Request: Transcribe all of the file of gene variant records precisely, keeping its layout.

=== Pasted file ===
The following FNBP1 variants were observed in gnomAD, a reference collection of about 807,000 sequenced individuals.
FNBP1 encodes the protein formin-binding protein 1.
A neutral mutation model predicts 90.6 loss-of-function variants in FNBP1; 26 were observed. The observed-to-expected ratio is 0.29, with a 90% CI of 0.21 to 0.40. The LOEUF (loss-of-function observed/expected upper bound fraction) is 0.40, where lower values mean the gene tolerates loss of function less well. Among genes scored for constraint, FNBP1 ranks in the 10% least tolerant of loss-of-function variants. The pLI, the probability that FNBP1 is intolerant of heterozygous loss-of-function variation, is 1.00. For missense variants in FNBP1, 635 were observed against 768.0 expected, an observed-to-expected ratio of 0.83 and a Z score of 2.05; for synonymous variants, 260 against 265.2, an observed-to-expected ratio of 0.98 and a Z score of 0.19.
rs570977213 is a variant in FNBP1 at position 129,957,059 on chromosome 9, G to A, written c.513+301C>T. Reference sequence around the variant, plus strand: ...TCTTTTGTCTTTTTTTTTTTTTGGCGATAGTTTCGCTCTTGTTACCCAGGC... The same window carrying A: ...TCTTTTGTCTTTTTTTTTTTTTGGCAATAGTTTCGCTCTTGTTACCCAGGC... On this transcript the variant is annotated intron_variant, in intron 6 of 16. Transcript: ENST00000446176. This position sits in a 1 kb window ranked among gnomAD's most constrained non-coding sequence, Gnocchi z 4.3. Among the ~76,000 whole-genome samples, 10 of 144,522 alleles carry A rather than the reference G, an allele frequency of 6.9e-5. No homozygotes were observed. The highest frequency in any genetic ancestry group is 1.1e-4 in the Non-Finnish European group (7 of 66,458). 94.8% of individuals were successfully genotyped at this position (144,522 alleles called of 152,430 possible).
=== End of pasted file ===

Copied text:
The following FNBP1 variants were observed in gnomAD, a reference collection of about 807,000 sequenced individuals.
FNBP1 encodes the protein formin-binding protein 1.
A neutral mutation model predicts 90.6 loss-of-function variants in FNBP1; 26 were observed. The observed-to-expected ratio is 0.29, with a 90% CI of 0.21 to 0.40. The LOEUF (loss-of-function observed/expected upper bound fraction) is 0.40, where lower values mean the gene tolerates loss of function less well. Among genes scored for constraint, FNBP1 ranks in the 10% least tolerant of loss-of-function variants. The pLI, the probability that FNBP1 is intolerant of heterozygous loss-of-function variation, is 1.00. For missense variants in FNBP1, 635 were observed against 768.0 expected, an observed-to-expected ratio of 0.83 and a Z score of 2.05; for synonymous variants, 260 against 265.2, an observed-to-expected ratio of 0.98 and a Z score of 0.19.
rs570977213 is a variant in FNBP1 at position 129,957,059 on chromosome 9, G to A, written c.513+301C>T. Reference sequence around the variant, plus strand: ...TCTTTTGTCTTTTTTTTTTTTTGGCGATAGTTTCGCTCTTGTTACCCAGGC... The same window carrying A: ...TCTTTTGTCTTTTTTTTTTTTTGGCAATAGTTTCGCTCTTGTTACCCAGGC... On this transcript the variant is annotated intron_variant, in intron 6 of 16. Transcript: ENST00000446176. This position sits in a 1 kb window ranked among gnomAD's most constrained non-coding sequence, Gnocchi z 4.3. Among the ~76,000 whole-genome samples, 10 of 144,522 alleles carry A rather than the reference G, an allele frequency of 6.9e-5. No homozygotes were observed. The highest frequency in any genetic ancestry group is 1.1e-4 in the Non-Finnish European group (7 of 66,458). 94.8% of individuals were successfully genotyped at this position (144,522 alleles called of 152,430 possible).